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Details of Grant 

EPSRC Reference: EP/R043167/1
Title: The ESA/JAXA JEREMI (Japanese European Research Experiments on Marangoni Instabilities) Project
Principal Investigator: Lappa, Dr M
Other Investigators:
Researcher Co-Investigators:
Project Partners:
Department: Mechanical and Aerospace Engineering
Organisation: University of Strathclyde
Scheme: Standard Research
Starts: 10 December 2018 Ends: 09 December 2020 Value (£): 202,696
EPSRC Research Topic Classifications:
Fluid Dynamics Multiphase Flow
EPSRC Industrial Sector Classifications:
No relevance to Underpinning Sectors
Related Grants:
Panel History:
Panel DatePanel NameOutcome
11 Apr 2018 Engineering Prioritisation Panel Meeting 11 and 12 April 2018 Announced
Summary on Grant Application Form
The acronym JEREMI stands for "Japanese European Research Experiments on Marangoni Instabilities". This ambitious project is part of an agreement between the European Space Agency (ESA) and the Japanese Space Agency (JAXA). Started in 2001, it is now entering its final stage of preparation and is currently endorsed to fly on the International Space Station (ISS).

These experiments will be executed using the FPEF (Fluid Physics Experiment Facility) of JAXA, a multipurpose facility for the investigation of fluids in microgravity. Studies of such a kind are very relevant and useful as they make it possible to observe how some physical forces, interwoven or overshadowed in normal gravity conditions (essentially the fluid surface tension and its gradients), can have a crucial impact on the behaviour of liquids (leading to the so-called "Marangoni" or thermocapillary effect). Without the complications of gravity-driven convection flows on Earth, in particular, UK scientists want to test in space fundamental theories of three-dimensional laminar, oscillatory and turbulent flows generated by these forces, which can be applied, in principle, also in a variety of "terrestrial" circumstances.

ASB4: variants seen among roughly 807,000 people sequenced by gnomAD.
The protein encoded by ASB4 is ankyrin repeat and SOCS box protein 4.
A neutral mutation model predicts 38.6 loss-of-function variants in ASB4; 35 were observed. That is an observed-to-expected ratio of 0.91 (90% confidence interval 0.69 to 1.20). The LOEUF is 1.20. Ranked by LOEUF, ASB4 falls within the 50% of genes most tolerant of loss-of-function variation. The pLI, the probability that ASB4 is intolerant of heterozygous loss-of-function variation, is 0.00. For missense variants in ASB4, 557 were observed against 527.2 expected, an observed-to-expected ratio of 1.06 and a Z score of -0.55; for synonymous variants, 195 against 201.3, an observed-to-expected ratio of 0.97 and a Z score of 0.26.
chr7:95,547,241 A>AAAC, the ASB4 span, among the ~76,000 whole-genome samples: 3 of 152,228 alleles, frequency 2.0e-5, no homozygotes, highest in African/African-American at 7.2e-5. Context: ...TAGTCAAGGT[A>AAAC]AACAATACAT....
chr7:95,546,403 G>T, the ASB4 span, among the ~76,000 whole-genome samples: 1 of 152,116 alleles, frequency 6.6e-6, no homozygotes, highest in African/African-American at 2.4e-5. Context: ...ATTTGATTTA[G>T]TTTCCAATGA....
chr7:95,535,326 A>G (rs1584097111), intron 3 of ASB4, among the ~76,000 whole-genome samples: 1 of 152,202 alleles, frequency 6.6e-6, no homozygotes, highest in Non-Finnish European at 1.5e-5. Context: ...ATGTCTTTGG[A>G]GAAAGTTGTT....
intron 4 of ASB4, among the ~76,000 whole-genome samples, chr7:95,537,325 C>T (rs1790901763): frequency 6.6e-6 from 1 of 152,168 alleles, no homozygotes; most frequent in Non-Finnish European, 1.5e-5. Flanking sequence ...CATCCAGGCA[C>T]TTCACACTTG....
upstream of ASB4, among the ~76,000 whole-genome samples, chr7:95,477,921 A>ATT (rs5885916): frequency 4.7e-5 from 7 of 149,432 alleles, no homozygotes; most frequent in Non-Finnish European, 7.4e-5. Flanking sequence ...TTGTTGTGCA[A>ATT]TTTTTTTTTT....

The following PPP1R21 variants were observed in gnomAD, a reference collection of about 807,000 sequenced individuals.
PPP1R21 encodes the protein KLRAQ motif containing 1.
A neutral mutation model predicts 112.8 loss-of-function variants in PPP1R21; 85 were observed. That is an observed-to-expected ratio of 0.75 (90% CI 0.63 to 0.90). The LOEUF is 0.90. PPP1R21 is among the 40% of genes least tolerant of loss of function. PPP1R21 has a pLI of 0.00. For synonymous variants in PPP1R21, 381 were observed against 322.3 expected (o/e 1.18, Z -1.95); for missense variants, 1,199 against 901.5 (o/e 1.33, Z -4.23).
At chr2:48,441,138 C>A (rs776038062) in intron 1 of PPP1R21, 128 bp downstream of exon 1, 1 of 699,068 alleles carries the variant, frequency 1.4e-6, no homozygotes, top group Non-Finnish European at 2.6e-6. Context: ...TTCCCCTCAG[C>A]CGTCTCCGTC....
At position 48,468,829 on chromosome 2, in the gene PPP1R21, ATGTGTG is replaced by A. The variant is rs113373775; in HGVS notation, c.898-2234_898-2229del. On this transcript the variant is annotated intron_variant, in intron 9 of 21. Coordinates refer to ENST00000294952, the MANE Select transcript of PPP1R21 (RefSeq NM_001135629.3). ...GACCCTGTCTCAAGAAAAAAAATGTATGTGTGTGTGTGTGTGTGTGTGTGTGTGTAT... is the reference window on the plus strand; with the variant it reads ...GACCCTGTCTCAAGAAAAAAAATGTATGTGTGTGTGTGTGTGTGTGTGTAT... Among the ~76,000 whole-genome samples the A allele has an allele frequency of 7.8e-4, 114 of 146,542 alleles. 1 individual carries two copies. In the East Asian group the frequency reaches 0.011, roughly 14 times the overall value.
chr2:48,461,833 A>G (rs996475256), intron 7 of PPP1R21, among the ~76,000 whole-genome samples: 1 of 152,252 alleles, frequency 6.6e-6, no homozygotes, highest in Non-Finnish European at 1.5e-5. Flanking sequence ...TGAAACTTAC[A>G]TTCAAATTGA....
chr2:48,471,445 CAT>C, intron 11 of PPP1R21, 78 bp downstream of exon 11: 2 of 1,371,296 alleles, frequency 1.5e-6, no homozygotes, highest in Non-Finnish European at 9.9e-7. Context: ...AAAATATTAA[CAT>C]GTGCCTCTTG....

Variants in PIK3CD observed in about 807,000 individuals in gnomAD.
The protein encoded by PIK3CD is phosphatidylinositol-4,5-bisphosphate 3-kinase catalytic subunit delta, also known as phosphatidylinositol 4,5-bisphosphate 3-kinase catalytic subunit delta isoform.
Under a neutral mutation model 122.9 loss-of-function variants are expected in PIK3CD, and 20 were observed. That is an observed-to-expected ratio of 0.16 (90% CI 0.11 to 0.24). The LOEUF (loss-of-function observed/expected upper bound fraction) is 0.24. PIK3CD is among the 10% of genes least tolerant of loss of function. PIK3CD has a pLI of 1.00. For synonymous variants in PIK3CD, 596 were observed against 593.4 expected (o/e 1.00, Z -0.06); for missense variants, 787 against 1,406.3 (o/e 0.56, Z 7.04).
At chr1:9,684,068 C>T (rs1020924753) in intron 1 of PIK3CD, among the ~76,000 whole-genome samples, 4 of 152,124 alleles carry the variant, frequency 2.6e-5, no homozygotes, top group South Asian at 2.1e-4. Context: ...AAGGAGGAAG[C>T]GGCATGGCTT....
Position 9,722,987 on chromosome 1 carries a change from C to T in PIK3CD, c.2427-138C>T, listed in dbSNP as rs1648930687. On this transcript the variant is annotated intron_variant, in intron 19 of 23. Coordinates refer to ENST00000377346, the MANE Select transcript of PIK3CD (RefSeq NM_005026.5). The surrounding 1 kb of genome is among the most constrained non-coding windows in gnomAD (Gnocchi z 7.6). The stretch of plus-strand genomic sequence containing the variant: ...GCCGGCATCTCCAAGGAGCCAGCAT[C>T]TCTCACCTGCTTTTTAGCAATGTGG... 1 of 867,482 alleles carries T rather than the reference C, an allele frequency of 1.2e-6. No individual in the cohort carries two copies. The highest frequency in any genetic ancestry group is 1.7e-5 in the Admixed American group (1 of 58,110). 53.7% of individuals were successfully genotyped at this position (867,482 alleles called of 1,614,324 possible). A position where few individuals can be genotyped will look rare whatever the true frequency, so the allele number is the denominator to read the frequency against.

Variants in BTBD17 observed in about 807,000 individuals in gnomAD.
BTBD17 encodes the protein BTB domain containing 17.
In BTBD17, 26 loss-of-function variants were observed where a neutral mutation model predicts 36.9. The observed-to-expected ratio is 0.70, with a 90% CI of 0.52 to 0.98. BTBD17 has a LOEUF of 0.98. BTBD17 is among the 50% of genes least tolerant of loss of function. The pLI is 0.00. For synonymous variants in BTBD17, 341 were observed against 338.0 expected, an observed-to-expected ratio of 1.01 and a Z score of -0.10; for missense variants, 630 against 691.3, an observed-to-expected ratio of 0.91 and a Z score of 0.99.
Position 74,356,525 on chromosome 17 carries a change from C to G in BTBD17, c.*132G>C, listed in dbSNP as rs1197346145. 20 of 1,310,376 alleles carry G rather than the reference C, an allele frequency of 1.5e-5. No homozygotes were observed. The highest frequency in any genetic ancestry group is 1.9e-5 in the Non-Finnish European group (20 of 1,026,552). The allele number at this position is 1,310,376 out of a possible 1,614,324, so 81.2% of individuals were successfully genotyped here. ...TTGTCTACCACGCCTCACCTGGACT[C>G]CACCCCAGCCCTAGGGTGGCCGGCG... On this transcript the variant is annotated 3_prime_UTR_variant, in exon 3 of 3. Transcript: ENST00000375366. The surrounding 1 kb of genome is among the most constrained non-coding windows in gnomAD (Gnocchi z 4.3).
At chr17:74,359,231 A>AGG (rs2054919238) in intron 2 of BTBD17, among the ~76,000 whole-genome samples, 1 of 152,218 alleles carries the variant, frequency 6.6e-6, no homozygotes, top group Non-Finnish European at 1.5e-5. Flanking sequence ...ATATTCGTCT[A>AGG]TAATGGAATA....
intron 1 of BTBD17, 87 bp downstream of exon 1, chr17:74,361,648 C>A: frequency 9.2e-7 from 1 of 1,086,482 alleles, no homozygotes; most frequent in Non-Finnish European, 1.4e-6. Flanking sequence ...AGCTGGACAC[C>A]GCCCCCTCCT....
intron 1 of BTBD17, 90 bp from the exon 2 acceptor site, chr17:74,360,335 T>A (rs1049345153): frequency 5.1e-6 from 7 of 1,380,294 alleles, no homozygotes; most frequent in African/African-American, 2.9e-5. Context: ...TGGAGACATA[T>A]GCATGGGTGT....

More specifically, the JEREMI series of experiments is based on the so-called "liquid bridge", a drop of liquid with cylindrical free liquid-air interface held between two disks at different temperature. In space it is possible to form relatively large liquid bridges due to the absence of gravity, which would otherwise tend to deform the liquid-air interface and break the column of floating liquid. In microgravity conditions, the difference of temperature applied to the floating liquid produces buoyancy-free (purely surface-tension driven, i.e. Marangoni) convection. This type of flow is initially very regular, but it becomes oscillatory and three-dimensional if the applied temperature difference is increased beyond a given threshold. The project targets an improved understanding of this instability and the elaboration of possible means to control it by modifying the conditions at the liquid-air interface.

Another objective relates to the identification of the cause-and-effect relationships at the root of the so-called "Particle Accumulation Structures" (PAS). Very recently it has been discovered that, under the effect of Marangoni flow, solid particles initially distributed uniformly in a liquid bridge can demix spontaneously from the surrounding fluid and form three-dimensional aggregates. The resulting cluster or pattern formed by particles looks like a spatially extended "closed wire" or "circuit" (having the shape of a windmill with several blades). This fascinating structure has been observed to float inside the liquid and rotate in space with constant angular velocity, thereby giving the illusion of a freely-floating "rotating solid body".

An international team of scientists (from UK, Belgium, Austria, Spain and Japan) with different complementary backgrounds, expertise and perspectives, has been collaborating for more than 15 years to define precisely the set of space experiments to be executed to address the above topics. As the project is now entering its final stage, additional effort will be devoted to the elaboration of even more advanced mathematical and numerical tools to be used for the fine tuning of the experiment "input parameters" and for the interpretation of the flight results.

The objective of this project is to examine experimentally and model (theoretically and numerically) fundamental physical principles still poorly known, thereby generating "new knowledge" potentially applicable in a variety of fields, which range from mechanical, chemical and thermal engineering to materials science and from the manipulation of tiny particles in small-scale systems to problems with astrophysical scale. The project aligns with the research priorities listed in the UK National Strategy on Space Environments and Human Spaceflight.
Key Findings
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Organisation Website: http://www.strath.ac.uk